Warrington arts festival winners unveil prize exhibitions at town’s top galleries
The winners of last year’s Warrington Contemporary Arts Festival Open competitions have unveiled the exhibitions awarded as part of their first place prize.
28-year-old Bex Ilsley, who is based in Manchester, won the Art Open with Your Cities Will Shine Forever, a wall-mounted installation and virtual reality app viewed through a headset.
And Steve Deer, 55, a fine art photographer from Wirral who predominantly shoots powerful landscapes with a graphic narrative, won the Photography Open with a striking image entitled The Birds.
Emotional Processing, Bex’s first solo exhibition which is now in situ at Warrington Museum & Art Gallery, features four new pieces representing a kind of re-entry into the physical world after living and working for so long in the virtual one.
Bex described her inspiration: “For so long, my online life has served as a refuge from a world that is crumbling into chaos around me.
“I sank into virtuality and what has returned is garish, hollow, commercialised, dismembered. And yet somehow it’s a loop, a circle, a return.
“It’s what I always was, more authentic now in its admission that it was never authentic at all; not in the real world, not in the ether.”
Bex is a contemporary artist best known for creating colourful images of her body and performance art, as well as her use of social media, particularly Instagram; her followers include Miley Cyrus and The Flaming Lips and her work is held in private collections around the world.
Her career has continued on an “upward trajectory” since the WCAF win a year ago, with highlights including a live performance piece at the Affordable Art Fair in Battersea; a three-month creative residency with Make Liverpool; a showing in New York’s Times Square; and no less than 11 group shows, including one at Manchester’s Castlefield Gallery – a major goal achieved for Bex.
On a personal level Bex admitted it had been a tough 12 months but explained that she had in part drawn on her “internal responses to trauma and anxiety” to shape the work featured in Emotional Processing.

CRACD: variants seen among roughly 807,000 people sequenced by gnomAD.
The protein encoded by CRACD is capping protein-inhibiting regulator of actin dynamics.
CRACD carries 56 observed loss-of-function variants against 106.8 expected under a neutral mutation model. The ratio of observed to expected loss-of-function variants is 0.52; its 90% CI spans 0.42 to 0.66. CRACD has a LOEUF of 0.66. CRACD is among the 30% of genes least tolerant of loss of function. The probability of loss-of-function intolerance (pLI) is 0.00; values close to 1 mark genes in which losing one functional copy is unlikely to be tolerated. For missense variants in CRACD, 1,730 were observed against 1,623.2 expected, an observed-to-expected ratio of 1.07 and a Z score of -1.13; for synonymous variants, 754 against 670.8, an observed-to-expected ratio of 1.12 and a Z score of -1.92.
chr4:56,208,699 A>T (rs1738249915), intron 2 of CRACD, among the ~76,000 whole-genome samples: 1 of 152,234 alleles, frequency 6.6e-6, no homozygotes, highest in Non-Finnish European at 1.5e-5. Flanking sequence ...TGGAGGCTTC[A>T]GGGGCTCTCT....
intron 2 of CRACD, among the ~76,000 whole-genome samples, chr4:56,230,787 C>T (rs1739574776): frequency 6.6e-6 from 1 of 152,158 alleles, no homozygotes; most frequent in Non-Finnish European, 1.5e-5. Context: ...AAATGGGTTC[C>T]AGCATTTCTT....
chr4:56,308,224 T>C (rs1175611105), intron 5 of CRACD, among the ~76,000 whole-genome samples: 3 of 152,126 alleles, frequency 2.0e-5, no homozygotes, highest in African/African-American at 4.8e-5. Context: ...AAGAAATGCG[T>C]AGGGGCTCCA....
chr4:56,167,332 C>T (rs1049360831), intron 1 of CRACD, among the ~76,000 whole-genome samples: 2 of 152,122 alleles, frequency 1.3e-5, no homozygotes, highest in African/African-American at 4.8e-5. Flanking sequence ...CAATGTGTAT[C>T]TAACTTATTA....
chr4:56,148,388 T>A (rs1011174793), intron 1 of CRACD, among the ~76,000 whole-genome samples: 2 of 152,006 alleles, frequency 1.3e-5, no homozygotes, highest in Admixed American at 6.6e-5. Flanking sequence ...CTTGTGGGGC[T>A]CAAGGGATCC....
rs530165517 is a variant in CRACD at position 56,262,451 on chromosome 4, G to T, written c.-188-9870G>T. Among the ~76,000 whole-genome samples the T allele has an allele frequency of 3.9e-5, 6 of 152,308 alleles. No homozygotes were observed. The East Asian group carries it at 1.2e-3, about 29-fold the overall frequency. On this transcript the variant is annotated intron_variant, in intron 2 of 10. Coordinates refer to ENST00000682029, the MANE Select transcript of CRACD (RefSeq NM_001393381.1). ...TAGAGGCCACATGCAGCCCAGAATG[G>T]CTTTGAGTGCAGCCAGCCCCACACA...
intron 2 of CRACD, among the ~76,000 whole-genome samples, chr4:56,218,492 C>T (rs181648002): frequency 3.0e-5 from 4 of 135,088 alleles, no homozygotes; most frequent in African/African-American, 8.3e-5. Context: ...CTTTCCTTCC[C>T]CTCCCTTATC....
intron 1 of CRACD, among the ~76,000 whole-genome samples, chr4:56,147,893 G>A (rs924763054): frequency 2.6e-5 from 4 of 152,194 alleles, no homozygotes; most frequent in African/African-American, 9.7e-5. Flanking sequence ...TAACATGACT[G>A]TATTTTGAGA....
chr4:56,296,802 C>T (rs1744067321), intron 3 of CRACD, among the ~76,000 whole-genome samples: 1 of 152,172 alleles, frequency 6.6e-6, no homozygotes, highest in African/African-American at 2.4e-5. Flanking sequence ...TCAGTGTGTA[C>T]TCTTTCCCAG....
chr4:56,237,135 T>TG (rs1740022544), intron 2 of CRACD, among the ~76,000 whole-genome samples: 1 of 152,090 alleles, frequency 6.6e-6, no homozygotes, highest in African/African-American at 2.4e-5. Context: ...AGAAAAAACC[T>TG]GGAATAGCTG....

She added: “The first solo show is a milestone, it’s something I’ve fantasized about for a long time and it feels truly great to have one under my belt.
“It was completely new to me to plan and curate something without having to think about how my work could sit alongside the work of others.
“If anything, this made it more of a challenge for me but one I enjoyed immensely. I’m proud of it, it’s an achievement, and I think it looks good!”
Steve is also enjoying his first solo exhibition with A New Perspective: Observations in the Landscape, which features 33 prints at The Gallery in Bank Quay House, Warrington.
While capturing simplicity, mood and depth, his striking photography explores social documentary, sports action, candid street scenes and plenty of water.
Steve’s other accolades include winner of Wirral Festival of Firsts Photography Competition 2014, a Photo Democracy Fine Art Photographer of the Year 2013 win, and a ‘commended’ in the Landscape Photographer of the Year 2013 competition exhibited at The National Theatre, London.
An art director for an advertising agency, Steve admitted preparation for the exhibition was hard work but he was proud of the results.
“I do like to capture landscapes and my images tend to be quite minimalist and moody; I try to look at things differently.
“I would consider myself an artist who happens to work with a camera, rather than a photographer.”
Moving between classic and contemporary photography, the works on show have been shot with a combination of digital cameras, and Steve admitted a lot of his newer work is shot on a mobile phone rather than more complicated kit.
“Anyone can be a photographer these days with the phone capabilities and editing apps which are available,” he added, “and it’s amazing what you can do with them.
“But for me it’s about understanding what turns a good picture into a piece of art; that’s the skill.”
Derek Dick, cultural manager for Culture Warrington, the charity which organises WCAF, said he was impressed by the high standard of work Bex and Steve had produced for their exhibitions.
“They have proved themselves more than worthy winners of last year’s Open competition,” he said, “and I wish them every success for the future.
“One of our aims at Culture Warrington is to provide opportunities and support for emerging artists in the region and I hope that Bex and Steve’s first solo exhibitions lead to many more in the future.”
Warrington Contemporary Arts Festival launches on Friday 29 September and runs alongside Warrington Festival, which celebrates the arts, food, sport and heritage in the town, and is part of a wider calendar of events held across Cheshire in association with Slant, the county’s cultural destination programme.